Derrick Bell’s Enduring Education Legacy
Edited By Gloria Ladson-Billings and William Tate
Although he spent his career as a lawyer and law school professor, Derrick Bell had a profound impact on the field of education in the area of educational equity. Among many accomplishments, Bell was the first African American to earn tenure at the Harvard Law School; he also established a new course in civil rights law and produced what has become a famous casebook: Race, Racism, and American Law. The man who could rightly be called, «The Father of Critical Race Theory,» Bell was an innovator who did things with the law that others had not thought possible. This volume highlights Bell’s influence on a number of prominent education and legal scholars by identifying some of his specific work and how they have used it to inform their own thinking and practice. What is contained here is an assemblage of contributors with deep commitments to the path-breaking work of Derrick Bell – a scholar, a teacher, an activist, a mentor, and a covenant keeper.
Afterword: The Ethics of Derrick Bell: Oh, How He Loved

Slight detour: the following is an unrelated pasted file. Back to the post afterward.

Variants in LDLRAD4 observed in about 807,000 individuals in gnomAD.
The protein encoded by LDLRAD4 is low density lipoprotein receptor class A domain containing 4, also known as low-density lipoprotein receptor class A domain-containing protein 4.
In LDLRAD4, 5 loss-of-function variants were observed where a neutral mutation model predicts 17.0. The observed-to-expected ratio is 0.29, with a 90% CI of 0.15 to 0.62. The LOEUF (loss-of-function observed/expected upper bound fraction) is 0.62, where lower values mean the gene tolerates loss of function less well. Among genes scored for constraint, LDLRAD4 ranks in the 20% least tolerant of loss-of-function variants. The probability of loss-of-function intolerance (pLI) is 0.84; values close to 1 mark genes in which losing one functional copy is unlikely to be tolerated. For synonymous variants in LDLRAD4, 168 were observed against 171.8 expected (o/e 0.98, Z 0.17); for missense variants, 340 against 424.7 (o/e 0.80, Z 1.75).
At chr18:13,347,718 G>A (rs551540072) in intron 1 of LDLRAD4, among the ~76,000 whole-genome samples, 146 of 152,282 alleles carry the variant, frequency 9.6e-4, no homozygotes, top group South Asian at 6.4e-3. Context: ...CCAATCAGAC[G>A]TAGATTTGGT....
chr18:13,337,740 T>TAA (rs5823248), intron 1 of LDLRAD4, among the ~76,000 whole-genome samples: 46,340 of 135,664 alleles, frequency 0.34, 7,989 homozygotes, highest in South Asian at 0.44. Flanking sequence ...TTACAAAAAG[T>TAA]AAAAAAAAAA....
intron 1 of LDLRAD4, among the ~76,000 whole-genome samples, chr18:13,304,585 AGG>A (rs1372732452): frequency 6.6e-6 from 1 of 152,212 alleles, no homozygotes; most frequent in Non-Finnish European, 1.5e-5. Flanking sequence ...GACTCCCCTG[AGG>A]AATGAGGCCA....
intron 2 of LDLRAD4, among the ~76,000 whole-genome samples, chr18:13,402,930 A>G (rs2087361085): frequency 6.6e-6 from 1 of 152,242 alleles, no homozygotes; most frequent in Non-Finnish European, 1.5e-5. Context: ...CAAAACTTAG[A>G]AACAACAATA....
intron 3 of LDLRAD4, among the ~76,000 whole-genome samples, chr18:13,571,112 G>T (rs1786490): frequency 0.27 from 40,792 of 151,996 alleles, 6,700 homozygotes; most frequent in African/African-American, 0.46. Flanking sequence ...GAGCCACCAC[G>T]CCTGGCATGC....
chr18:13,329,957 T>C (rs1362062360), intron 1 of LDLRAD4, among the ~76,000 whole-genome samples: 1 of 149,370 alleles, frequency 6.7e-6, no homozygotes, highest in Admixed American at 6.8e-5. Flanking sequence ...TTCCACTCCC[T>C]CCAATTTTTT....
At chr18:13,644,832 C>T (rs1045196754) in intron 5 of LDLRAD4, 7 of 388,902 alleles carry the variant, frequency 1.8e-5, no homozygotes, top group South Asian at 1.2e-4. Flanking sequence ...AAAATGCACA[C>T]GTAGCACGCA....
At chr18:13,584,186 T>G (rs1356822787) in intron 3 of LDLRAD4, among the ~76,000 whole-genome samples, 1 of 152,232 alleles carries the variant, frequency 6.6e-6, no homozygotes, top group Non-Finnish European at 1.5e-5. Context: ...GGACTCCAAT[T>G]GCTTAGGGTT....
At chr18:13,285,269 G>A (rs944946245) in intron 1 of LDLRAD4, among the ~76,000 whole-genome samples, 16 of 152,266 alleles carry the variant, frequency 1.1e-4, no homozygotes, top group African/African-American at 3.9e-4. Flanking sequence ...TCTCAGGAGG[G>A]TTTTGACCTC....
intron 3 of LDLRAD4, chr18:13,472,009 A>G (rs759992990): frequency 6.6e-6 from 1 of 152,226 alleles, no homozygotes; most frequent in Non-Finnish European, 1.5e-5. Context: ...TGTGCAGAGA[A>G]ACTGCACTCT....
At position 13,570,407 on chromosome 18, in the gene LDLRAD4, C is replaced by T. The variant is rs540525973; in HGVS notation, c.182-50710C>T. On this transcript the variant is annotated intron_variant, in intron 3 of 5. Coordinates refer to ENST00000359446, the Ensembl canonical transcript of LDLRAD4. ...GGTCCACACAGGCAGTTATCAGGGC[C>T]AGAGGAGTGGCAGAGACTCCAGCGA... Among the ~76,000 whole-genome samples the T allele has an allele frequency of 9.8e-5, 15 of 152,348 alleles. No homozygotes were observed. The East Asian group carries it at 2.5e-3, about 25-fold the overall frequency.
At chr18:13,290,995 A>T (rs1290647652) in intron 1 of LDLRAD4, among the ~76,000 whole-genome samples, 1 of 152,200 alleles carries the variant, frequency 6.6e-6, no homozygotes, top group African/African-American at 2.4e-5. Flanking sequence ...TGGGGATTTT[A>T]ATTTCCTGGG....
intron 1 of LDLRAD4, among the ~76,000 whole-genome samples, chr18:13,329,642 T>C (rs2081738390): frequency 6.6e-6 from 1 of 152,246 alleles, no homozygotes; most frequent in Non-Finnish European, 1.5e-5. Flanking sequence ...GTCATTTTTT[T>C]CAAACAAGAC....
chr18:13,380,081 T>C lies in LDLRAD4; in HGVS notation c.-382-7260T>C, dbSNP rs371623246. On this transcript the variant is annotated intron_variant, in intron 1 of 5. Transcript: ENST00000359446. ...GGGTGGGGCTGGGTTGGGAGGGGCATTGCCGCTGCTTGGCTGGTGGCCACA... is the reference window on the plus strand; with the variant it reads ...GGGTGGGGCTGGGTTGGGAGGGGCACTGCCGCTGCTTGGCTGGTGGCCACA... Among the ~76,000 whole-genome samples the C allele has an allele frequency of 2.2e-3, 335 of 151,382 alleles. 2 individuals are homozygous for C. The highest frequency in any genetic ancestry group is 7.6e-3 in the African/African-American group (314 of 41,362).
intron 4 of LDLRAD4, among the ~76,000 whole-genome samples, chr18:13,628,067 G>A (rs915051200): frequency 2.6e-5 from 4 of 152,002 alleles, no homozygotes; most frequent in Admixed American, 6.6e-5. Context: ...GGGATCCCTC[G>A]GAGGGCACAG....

“Greater love has no one than this, that one lay down his life for his friends.” —john 15:13 (new american standard bible) Derrick Bell lived a life of love. His professional life is best characterized as one of sacrifice on behalf of others. Sadly, after his death, he was “Fox-Newsed.” I use this term to describe 24-hour cable television talk shows that distort the truth, while attempting to appear to engage in objective investigative reporting. The show’s report is framed as the logical presentation of facts. Rather than provide the results of a deep and thoughtful investigation, the show largely provides the opinion of a small number of individuals characterized as experts. The talk show makes a rational appeal (logos), then fails to generate factual evidence. Instead, it offers testimony (ethos) from questionable experts. The rhetorical appeals are conflated and the resulting information is not verifiable. While Fox News is the focus here, the 24-hour cable news cycle has generated a culture of sensationalism, entertain- ment, and opinion at the expense of depth and verification (Kovach & Rosensteil, 2010). Verifying the truth is a challenge that extends beyond the reporting of one particular cable news station. In the months leading up to the 2012 presidential election, Fox News host Sean Hannity organized a panel discussion to critique Derrick Bell’s perspectives on race and the United States (Hannity, 2012). Professor Bell was not the main target of critique. The primary aim of the panel was to provide a historical narra- tive...
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